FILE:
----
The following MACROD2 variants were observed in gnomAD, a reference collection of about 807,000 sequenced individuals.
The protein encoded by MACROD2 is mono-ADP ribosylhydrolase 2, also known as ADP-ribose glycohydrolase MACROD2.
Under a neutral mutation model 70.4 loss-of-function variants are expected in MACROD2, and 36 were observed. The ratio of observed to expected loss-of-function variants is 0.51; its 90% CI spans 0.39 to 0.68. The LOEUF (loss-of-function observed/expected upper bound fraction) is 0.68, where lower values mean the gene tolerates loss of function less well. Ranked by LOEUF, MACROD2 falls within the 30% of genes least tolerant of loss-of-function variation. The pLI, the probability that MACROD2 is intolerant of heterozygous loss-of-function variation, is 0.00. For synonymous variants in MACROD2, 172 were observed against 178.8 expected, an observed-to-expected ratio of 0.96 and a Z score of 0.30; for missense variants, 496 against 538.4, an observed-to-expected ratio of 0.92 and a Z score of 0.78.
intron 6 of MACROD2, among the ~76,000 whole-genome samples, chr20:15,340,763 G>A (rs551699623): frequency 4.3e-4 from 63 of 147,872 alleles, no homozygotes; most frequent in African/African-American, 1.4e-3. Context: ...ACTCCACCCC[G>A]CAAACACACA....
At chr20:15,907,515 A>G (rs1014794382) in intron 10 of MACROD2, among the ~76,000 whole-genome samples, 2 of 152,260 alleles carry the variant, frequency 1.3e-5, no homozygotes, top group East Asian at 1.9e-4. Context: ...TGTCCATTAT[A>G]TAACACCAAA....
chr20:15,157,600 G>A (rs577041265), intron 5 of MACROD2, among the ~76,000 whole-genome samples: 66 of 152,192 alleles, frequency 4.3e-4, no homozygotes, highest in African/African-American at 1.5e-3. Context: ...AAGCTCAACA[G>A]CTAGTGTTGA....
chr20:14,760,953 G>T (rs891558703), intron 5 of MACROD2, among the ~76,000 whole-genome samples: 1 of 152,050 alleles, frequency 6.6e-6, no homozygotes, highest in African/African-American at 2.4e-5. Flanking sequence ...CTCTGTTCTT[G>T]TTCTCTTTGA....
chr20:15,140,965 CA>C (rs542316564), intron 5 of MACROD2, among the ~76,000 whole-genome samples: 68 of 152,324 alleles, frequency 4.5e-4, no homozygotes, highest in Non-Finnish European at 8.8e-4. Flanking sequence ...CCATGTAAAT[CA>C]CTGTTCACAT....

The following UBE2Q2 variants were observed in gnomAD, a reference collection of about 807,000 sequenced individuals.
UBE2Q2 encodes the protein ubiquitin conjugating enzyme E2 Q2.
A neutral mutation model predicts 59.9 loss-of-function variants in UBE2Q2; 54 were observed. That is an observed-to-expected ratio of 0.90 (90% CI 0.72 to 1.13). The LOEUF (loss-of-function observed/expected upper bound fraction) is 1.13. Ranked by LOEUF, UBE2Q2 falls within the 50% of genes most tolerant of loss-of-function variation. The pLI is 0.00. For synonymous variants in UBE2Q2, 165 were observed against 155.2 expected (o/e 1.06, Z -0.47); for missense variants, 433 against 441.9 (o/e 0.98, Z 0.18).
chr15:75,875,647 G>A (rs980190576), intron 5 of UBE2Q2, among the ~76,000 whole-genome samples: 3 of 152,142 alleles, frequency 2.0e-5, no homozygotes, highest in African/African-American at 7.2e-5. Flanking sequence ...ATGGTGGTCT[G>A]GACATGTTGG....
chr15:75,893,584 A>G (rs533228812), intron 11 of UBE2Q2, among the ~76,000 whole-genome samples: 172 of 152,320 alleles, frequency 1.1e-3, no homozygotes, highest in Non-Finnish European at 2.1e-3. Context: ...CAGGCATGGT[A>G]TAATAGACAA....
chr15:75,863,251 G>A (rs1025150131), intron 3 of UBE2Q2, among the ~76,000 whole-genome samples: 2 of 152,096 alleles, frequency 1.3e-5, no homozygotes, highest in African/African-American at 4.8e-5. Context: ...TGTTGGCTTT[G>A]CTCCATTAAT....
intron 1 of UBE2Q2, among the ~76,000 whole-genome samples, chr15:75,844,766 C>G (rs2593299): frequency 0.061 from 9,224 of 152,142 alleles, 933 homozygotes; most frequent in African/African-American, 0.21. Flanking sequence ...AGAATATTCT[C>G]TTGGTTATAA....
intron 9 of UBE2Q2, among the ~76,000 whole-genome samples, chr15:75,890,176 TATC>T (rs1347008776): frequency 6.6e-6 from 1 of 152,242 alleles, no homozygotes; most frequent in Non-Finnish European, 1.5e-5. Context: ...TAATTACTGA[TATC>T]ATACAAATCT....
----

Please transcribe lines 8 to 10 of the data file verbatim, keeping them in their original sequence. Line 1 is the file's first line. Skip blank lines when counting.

chr20:15,140,965 CA>C (rs542316564), intron 5 of MACROD2, among the ~76,000 whole-genome samples: 68 of 152,324 alleles, frequency 4.5e-4, no homozygotes, highest in Non-Finnish European at 8.8e-4. Flanking sequence ...CCATGTAAAT[CA>C]CTGTTCACAT....

The following UBE2Q2 variants were observed in gnomAD, a reference collection of about 807,000 sequenced individuals.
UBE2Q2 encodes the protein ubiquitin conjugating enzyme E2 Q2.